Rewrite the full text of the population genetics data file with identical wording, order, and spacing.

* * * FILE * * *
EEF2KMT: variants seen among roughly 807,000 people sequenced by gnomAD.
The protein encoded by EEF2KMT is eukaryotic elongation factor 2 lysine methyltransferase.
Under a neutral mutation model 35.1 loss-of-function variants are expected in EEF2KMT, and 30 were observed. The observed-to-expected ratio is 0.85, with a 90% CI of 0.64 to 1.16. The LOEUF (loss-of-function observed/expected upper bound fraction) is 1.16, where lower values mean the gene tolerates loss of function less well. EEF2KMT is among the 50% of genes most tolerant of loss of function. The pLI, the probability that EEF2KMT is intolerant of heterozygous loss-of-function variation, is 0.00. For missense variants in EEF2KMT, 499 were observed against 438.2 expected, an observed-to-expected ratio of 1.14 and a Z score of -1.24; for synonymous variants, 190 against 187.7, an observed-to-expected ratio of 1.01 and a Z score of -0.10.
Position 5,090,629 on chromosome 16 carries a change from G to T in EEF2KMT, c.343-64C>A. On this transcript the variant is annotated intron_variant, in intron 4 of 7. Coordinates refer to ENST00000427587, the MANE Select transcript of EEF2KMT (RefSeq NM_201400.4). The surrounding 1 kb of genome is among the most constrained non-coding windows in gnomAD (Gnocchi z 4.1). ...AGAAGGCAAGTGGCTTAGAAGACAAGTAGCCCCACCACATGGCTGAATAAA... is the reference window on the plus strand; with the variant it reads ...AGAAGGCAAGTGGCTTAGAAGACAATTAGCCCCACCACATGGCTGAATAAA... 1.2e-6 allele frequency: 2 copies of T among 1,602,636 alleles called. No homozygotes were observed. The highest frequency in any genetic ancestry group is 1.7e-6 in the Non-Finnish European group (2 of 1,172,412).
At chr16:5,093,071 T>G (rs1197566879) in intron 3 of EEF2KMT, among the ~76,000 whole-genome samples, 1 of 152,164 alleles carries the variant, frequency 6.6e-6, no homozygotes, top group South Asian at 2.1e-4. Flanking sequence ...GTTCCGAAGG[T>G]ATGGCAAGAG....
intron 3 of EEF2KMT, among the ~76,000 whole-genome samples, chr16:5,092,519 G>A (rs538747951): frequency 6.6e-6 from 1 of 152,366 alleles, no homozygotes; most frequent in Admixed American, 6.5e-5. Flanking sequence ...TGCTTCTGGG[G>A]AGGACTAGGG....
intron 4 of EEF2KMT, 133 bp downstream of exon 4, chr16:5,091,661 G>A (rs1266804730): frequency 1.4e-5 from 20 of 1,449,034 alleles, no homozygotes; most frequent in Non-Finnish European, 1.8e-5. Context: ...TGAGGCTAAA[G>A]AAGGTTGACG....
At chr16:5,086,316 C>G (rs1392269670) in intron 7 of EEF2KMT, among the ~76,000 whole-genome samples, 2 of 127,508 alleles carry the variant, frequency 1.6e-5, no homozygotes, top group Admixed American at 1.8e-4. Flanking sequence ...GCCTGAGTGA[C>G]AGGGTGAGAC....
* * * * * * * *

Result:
EEF2KMT: variants seen among roughly 807,000 people sequenced by gnomAD.
The protein encoded by EEF2KMT is eukaryotic elongation factor 2 lysine methyltransferase.
Under a neutral mutation model 35.1 loss-of-function variants are expected in EEF2KMT, and 30 were observed. The observed-to-expected ratio is 0.85, with a 90% CI of 0.64 to 1.16. The LOEUF (loss-of-function observed/expected upper bound fraction) is 1.16, where lower values mean the gene tolerates loss of function less well. EEF2KMT is among the 50% of genes most tolerant of loss of function. The pLI, the probability that EEF2KMT is intolerant of heterozygous loss-of-function variation, is 0.00. For missense variants in EEF2KMT, 499 were observed against 438.2 expected, an observed-to-expected ratio of 1.14 and a Z score of -1.24; for synonymous variants, 190 against 187.7, an observed-to-expected ratio of 1.01 and a Z score of -0.10.
Position 5,090,629 on chromosome 16 carries a change from G to T in EEF2KMT, c.343-64C>A. On this transcript the variant is annotated intron_variant, in intron 4 of 7. Coordinates refer to ENST00000427587, the MANE Select transcript of EEF2KMT (RefSeq NM_201400.4). The surrounding 1 kb of genome is among the most constrained non-coding windows in gnomAD (Gnocchi z 4.1). ...AGAAGGCAAGTGGCTTAGAAGACAAGTAGCCCCACCACATGGCTGAATAAA... is the reference window on the plus strand; with the variant it reads ...AGAAGGCAAGTGGCTTAGAAGACAATTAGCCCCACCACATGGCTGAATAAA... 1.2e-6 allele frequency: 2 copies of T among 1,602,636 alleles called. No homozygotes were observed. The highest frequency in any genetic ancestry group is 1.7e-6 in the Non-Finnish European group (2 of 1,172,412).
At chr16:5,093,071 T>G (rs1197566879) in intron 3 of EEF2KMT, among the ~76,000 whole-genome samples, 1 of 152,164 alleles carries the variant, frequency 6.6e-6, no homozygotes, top group South Asian at 2.1e-4. Flanking sequence ...GTTCCGAAGG[T>G]ATGGCAAGAG....
intron 3 of EEF2KMT, among the ~76,000 whole-genome samples, chr16:5,092,519 G>A (rs538747951): frequency 6.6e-6 from 1 of 152,366 alleles, no homozygotes; most frequent in Admixed American, 6.5e-5. Flanking sequence ...TGCTTCTGGG[G>A]AGGACTAGGG....
intron 4 of EEF2KMT, 133 bp downstream of exon 4, chr16:5,091,661 G>A (rs1266804730): frequency 1.4e-5 from 20 of 1,449,034 alleles, no homozygotes; most frequent in Non-Finnish European, 1.8e-5. Context: ...TGAGGCTAAA[G>A]AAGGTTGACG....
At chr16:5,086,316 C>G (rs1392269670) in intron 7 of EEF2KMT, among the ~76,000 whole-genome samples, 2 of 127,508 alleles carry the variant, frequency 1.6e-5, no homozygotes, top group Admixed American at 1.8e-4. Flanking sequence ...GCCTGAGTGA[C>G]AGGGTGAGAC....